The structure of the accessories object differs depending on which accessory you are defining (a subject can wear only one accessory at a time).

    Defining a glasses accessory

    "accessories": {
      "glasses": {
        "id": //A UUID that defines the pair of glasses that the actor will wear
        "frame_color": //The color of the glasses frame
        "frame_metalness": //The metalness, or reflectivity, of the glasses frame
        "lens_color": //The base color of the lens before reflectivity and transparency are applied
        "lens_reflectivity": //The reflectivity of the lens
        "lens_transparency": //The transparency of the lens
        "position": //Where the actor is wearing the glasses
      },
    }
    

    For details on each of these fields, see Glasses.

Defining a mask accessory

"accessories": {
  "mask": {
    "id": //A UUID that defines the mask that the actor will wear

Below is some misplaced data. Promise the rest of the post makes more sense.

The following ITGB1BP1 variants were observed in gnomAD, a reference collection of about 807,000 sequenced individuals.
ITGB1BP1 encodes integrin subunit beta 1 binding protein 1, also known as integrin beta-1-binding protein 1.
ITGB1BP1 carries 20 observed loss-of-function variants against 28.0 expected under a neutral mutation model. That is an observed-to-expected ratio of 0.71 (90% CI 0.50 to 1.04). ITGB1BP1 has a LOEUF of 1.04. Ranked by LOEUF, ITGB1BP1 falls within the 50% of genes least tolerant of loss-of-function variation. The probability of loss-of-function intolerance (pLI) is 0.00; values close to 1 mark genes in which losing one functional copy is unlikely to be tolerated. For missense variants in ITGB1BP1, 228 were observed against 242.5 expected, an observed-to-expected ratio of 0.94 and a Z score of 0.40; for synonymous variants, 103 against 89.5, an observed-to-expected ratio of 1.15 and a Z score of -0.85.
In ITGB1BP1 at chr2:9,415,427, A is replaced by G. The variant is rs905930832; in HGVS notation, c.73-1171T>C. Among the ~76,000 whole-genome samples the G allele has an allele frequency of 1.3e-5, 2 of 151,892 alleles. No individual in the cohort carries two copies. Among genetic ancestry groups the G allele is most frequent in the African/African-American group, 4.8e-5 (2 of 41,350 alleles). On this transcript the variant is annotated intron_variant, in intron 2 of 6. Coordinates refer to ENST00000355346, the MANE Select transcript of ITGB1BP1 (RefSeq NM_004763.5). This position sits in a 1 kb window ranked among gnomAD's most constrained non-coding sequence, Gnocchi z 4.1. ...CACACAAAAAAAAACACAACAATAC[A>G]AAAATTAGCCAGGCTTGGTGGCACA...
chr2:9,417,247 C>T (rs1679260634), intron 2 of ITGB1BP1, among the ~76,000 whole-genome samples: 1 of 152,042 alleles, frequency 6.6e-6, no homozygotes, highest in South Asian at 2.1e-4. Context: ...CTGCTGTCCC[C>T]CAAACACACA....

"color": //The color of the mask
    "roughness": //The roughness of the mask, which determines how it reflects light
    "texture": //The texture of the mask
    "position": //Where the actor is wearing the mask
  }
}

For details on each of these fields, see Masks.


  • The camera object defines how the scene will be rendered. It divides camera properties into two groups: intrinsic parameters, which define the internal workings of the camera, such as the resolution, field of view, and lens type; and extrinsic parameters, which define the location and orientation of the camera in the world.

    The camera object has the following structure:

 "camera": {
   "name": //A unique name you can give to identify the camera
   "intrinsic_params": {
     "projection": //The type of camera projection that will be used